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  1. #1

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    Press photographer gear in the 40's and 50's?

    I posted this same question in another forum, and nobody really knew the answer. I was hoping it would get different responses here.

    For a press photographer in the 40's and 50's shooting a 4x5 speed graphic, what would be the lenses that one would carry? Aside from the standard 127mm and 135mm would there be a wide angle? Maybe a 10" or 15"? Or did they just use one lens and do what they could? I always see documentaries and all I see are 135's and 127's. They look like they are traveling light?

    Thanks

  2. #2
    EASmithV's Avatar
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    Jesus, man. ONE LENS is sufficient! The pressmen had enough weight to worry about, and most (from what i've heard) would lock the focus and shoot hyperfocally, as it made it easier to deal with the g/n of flashbulbs. I'm sure many would have had a backup or maybe a second lens in the giant vulcanite box, but certainally not when they were moving around.

    The notable exception i can think of may be the tele-optar some may have additionally carried for paparazzi stuff to get in closER, but in old photos you can see the pressmen weren't afraid to get close, unlike the superzoom creepers of today.

    Personally, I prefer a 150 on my Speed.


    *disclaimer* I may or may not know what the heck i'm talking about
    www.EASmithV.com

    "The camera is an instrument that teaches people how to see without a camera."— Dorothea Lange
    http://www.flickr.com/easmithv/
    RIP Kodachrome

  3. #3
    AgX
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    I guess the equipment would be dependend on the part of the world you are considering.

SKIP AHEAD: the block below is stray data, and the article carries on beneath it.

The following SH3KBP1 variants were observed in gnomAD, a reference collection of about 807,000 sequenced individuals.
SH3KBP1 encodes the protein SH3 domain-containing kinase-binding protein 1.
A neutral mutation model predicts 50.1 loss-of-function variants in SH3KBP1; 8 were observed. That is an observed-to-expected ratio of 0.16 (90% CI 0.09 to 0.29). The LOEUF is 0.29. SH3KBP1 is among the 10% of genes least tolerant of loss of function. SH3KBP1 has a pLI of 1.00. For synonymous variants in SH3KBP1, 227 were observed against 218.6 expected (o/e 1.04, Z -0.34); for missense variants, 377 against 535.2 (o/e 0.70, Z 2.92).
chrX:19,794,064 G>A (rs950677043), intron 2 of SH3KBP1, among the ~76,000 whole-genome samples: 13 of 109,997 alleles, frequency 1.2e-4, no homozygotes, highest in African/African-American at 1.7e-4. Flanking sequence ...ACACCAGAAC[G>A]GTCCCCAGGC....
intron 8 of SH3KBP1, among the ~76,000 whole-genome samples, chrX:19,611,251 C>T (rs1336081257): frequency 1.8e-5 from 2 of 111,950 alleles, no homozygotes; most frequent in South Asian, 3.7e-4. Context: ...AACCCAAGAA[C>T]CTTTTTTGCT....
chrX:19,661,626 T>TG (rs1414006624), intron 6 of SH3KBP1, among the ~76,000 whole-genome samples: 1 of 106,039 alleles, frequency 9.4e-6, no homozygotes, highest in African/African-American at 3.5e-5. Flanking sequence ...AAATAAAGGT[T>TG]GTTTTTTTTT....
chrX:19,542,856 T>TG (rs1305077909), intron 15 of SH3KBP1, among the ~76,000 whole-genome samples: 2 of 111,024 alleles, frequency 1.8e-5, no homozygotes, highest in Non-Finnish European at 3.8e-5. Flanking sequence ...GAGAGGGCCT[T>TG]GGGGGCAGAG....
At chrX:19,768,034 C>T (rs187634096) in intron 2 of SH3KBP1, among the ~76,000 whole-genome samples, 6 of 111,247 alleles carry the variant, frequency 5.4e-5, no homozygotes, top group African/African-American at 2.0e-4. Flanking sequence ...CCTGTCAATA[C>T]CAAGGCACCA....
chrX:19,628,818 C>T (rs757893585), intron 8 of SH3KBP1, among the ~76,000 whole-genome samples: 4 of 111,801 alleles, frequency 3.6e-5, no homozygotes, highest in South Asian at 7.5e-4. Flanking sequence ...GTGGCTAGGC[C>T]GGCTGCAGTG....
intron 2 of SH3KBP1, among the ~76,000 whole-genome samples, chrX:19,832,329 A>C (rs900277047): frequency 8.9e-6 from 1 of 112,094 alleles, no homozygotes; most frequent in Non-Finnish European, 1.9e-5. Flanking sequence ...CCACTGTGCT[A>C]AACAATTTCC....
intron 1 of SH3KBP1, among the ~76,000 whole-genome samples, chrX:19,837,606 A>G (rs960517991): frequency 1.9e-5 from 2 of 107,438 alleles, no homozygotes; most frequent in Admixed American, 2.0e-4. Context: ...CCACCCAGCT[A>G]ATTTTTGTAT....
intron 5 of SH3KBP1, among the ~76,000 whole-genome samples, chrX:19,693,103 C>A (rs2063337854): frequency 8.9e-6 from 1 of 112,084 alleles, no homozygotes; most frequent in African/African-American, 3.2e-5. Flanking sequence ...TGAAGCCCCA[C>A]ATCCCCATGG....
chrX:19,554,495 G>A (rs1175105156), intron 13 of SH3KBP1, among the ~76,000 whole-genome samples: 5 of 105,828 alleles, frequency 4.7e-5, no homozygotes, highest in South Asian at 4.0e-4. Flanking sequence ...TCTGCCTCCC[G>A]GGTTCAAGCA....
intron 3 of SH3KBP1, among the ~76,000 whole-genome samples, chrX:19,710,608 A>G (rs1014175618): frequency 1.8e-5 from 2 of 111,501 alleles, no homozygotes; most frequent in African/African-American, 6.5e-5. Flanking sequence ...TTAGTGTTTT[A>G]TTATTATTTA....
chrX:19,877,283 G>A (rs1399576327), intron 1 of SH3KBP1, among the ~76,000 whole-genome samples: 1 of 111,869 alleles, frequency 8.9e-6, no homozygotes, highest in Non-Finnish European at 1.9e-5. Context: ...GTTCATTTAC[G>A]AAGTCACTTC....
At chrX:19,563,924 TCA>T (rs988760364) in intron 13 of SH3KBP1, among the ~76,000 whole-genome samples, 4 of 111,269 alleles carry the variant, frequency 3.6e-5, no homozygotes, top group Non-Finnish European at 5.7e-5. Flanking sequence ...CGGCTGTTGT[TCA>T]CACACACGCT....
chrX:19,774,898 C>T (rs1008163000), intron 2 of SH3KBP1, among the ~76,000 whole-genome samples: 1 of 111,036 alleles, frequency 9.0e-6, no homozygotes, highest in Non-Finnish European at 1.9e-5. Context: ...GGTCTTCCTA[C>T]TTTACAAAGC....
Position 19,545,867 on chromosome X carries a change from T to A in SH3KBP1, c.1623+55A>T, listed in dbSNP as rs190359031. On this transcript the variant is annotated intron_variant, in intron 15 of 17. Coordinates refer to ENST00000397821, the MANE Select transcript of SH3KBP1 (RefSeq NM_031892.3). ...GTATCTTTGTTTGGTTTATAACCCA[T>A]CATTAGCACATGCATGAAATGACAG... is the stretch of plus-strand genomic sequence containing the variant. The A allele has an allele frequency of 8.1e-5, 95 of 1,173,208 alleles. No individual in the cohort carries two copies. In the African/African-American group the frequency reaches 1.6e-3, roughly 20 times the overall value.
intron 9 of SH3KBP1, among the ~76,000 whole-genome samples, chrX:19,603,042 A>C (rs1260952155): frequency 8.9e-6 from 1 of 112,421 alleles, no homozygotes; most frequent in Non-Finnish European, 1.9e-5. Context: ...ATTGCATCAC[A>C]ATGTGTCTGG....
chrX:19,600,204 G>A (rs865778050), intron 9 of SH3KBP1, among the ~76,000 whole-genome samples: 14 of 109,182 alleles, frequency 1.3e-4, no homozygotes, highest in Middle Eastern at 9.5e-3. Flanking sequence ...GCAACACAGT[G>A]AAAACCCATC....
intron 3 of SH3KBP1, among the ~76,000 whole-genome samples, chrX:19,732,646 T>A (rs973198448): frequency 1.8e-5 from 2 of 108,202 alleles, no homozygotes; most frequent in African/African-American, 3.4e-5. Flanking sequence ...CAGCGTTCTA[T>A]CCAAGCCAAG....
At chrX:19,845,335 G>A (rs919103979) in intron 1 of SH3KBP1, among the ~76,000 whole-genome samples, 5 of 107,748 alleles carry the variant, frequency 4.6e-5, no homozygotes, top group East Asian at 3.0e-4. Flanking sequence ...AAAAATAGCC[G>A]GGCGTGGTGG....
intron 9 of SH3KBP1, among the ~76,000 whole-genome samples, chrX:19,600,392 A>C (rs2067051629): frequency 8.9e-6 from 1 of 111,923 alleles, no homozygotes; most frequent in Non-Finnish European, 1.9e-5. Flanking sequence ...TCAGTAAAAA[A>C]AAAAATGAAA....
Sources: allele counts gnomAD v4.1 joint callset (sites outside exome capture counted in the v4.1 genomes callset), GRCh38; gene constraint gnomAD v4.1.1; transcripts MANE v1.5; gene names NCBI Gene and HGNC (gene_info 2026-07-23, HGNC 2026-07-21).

4. #4

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    The guys I knew who did it mostly used the Grafmatic 6 shot backs so all focusing was done with the Kalart rangefinder.
    Focusing on the ground glass was just not happening in the press environment.

    Thus they used the one lens that was on the camera as lens swapping would have meant recalibrating the rangefinder - not something you're likely to do in the field on a moments notice.

    Other than the camera and a couple or three grafmatics, the flash gun and a pocket full of Press 25 or #5 flash blubs was the essential kit. If you look at the press work from the period you'll see many many images made with the direct bulb flash, even outdoors, because of the maximum lens apertures and film speeds.

    The phrase "F8 and be there." to describe press photography's most important duties came from this period.

    Toward the end of the Speed Graphic era in the 70s I saw some rigs outfitted with the Honeywell/Singer Strobonar electronic flashes but by that time most guys were moving on to the new 35mm systems as fast as they could.

    The Associated Press and Time Life have published several "best of" photography books that give the camera specifics for each image. Flipping through one of those will give you an idea of how the press camera/twin lens/35mm eras overlapped. The mighty Speeds lasted farther into the late 20th century than most folks imagine.